I had just finished running my morning workout. The GPS had been wonky, and instead of showing me running my normal sedentary 10-11 minute miles, it showed a couple of 4 minute miles intervals during my run.
I went into the house and deadpanned to my wife that I had just run a couple of 4 minute miles. Her response? “Wow!” She was serious.
Now, my wife is no mental slacker. She graduated Summa Cum Laude in computer science, was inducted into Phi Beta Kappa and was then recruited by IBM. On top of that she is a sports enthusiast and understands the significance of the 4 minute mile, but she is not a runner.
However, for a moment in time, she believed that I had actually run a 4 minute mile. How could that be, I wondered?
I run a lot. I talk to folks about running, a lot. People come to me to get help with starting a running program. But I’m a pretty mediocre runner and I just like to run. And, with all that activity and noise around running, she accepted — for a moment — the notion I could have worked myself up to be a four minute miler.
Another runner, I suspect, would have been immediately skeptical at my comment. Their skepticism would have been grounded in the many miles they’ve personally run. They know, in their gut, that someone who has been running 8+ minutes miles for all their life, is highly unlikely — though not impossible I suppose — to suddenly one day start running a 4 minute mile.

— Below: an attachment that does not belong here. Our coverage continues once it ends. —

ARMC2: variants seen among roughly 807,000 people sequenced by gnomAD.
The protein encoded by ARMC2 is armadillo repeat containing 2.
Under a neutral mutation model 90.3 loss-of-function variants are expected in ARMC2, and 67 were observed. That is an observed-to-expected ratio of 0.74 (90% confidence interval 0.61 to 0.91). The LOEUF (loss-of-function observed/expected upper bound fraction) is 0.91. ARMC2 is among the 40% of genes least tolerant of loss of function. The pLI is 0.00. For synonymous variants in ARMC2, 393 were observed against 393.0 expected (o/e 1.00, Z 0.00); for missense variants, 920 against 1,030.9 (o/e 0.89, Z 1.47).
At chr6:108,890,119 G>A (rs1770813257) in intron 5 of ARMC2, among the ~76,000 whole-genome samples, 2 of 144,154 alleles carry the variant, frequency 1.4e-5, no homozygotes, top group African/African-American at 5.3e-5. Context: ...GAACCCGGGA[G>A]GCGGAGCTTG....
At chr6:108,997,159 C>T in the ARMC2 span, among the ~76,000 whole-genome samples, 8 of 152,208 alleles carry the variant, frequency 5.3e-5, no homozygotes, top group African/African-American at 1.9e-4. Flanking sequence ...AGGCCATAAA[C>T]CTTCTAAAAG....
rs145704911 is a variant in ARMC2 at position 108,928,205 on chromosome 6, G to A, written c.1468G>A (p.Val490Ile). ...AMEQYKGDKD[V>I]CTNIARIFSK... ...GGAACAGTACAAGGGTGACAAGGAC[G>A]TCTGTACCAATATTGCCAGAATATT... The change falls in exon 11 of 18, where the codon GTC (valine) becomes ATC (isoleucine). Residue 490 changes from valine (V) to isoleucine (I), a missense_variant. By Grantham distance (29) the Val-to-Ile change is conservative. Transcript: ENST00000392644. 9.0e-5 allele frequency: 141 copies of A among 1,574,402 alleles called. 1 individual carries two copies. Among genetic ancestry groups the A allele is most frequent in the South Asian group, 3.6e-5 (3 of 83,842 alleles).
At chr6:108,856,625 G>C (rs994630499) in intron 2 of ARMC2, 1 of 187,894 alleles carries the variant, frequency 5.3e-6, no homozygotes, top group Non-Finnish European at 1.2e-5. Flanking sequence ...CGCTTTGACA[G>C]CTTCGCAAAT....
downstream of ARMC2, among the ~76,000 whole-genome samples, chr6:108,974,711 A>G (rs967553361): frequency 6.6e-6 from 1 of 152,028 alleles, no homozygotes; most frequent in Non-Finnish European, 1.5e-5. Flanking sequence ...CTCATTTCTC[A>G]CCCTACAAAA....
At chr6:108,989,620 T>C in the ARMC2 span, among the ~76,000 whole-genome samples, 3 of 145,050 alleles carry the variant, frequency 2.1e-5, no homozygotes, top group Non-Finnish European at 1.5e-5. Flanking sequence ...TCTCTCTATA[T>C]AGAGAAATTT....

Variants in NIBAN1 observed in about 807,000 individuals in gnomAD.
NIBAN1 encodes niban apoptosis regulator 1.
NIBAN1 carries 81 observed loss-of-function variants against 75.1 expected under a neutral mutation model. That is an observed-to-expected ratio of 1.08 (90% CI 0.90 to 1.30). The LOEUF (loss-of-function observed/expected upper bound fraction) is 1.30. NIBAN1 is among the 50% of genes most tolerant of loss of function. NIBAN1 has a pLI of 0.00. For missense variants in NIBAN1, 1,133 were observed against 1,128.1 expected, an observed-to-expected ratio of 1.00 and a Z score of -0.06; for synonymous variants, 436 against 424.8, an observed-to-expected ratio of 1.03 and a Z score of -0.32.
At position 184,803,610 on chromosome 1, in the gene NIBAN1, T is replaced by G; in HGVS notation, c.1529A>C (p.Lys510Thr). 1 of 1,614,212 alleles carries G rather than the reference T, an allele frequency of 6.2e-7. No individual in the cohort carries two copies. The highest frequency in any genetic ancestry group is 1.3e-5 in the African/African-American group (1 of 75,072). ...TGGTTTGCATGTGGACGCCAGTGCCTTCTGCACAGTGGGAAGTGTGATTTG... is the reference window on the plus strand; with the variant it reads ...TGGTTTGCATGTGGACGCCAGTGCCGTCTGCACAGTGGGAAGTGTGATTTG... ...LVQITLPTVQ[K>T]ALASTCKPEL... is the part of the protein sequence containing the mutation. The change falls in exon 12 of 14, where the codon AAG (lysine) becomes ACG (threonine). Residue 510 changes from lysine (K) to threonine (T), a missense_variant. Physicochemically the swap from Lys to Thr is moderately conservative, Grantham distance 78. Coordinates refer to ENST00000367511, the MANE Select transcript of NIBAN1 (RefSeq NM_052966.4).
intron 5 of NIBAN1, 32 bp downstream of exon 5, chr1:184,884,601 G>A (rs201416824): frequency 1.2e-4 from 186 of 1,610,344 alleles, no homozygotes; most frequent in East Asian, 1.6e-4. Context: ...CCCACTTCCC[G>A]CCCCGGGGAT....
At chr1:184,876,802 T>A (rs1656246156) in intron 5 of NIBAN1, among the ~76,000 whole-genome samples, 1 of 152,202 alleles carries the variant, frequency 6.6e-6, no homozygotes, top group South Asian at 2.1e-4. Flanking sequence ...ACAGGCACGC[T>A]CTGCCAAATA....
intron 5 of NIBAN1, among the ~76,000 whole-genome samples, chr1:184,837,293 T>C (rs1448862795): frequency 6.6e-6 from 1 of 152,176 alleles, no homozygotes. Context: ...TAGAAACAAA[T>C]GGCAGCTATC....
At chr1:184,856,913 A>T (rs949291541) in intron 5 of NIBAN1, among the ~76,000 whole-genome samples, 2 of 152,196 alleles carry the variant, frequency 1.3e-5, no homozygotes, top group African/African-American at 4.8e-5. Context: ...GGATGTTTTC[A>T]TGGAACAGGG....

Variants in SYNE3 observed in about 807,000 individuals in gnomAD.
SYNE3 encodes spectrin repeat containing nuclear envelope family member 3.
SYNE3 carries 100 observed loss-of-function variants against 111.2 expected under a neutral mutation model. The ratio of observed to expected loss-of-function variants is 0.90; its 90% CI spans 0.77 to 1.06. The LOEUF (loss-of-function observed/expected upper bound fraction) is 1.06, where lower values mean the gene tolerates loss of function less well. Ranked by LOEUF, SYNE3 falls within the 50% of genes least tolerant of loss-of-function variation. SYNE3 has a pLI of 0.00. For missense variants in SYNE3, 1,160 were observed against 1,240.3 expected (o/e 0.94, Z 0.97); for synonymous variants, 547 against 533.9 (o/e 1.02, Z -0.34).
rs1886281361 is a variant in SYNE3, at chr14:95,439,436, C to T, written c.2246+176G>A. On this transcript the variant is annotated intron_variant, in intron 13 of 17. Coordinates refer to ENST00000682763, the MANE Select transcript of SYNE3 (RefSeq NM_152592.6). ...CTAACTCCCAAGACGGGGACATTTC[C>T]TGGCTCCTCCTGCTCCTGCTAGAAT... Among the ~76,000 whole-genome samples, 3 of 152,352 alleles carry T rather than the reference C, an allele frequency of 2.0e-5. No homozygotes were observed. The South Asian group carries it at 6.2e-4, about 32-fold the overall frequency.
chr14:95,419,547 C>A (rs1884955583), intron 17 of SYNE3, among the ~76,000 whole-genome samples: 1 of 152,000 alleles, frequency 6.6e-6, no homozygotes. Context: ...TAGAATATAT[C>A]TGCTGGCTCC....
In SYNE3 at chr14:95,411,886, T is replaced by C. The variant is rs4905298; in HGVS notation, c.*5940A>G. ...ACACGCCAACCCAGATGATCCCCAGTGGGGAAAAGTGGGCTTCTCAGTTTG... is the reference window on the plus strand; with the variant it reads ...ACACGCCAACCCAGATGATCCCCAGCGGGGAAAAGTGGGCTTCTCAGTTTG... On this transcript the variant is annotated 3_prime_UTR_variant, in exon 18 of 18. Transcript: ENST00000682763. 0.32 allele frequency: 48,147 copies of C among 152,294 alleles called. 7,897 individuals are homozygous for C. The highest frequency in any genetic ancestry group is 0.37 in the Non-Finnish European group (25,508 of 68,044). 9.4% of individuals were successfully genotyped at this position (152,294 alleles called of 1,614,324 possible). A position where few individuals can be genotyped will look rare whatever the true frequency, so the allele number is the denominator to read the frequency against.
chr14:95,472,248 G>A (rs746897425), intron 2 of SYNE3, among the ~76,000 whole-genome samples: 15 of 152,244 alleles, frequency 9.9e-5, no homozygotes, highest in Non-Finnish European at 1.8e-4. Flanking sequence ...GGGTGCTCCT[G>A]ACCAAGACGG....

I’ve seen this same thing in business and in project management. I recall the various productivity gains claimed by methodology advocates (10x productivity, etc.). When we sit in on presentations and everyone is saying and reporting on what a great thing this new approach is, we slowly start to buy in, feel that it must be real. Gee, we think, if we only get a 2X increase in speed and not 10X, that would be just fine. Let’s do it!
The best protection against this kind of thought creep is nothing more than experience. But I’m talking about experience in doing this kind of stuff. I’m not talking about experience by reading and attending conferences and webcasts. I’m talking about just giving things a try.
For more see We Need To Understand This In Order To Manage Well
If we want to speed things up, then we make changes and see what happens. If we want to improve quality, then push for it, and then make changes that support it.
For more see The One Perfect Project Management Methodology
The upside to this, besides possibly getting useful things done, is that when we hear a claim, we know almost immediately in our gut how reasonable the claim is. Yes, I suppose, we might miss out in the once in a lifetime opportunity where it really was a 10x benefit, but we’ll still have a pretty successful career and a good life until then.
How do you go about seeing through the hype in a new methodology or tool?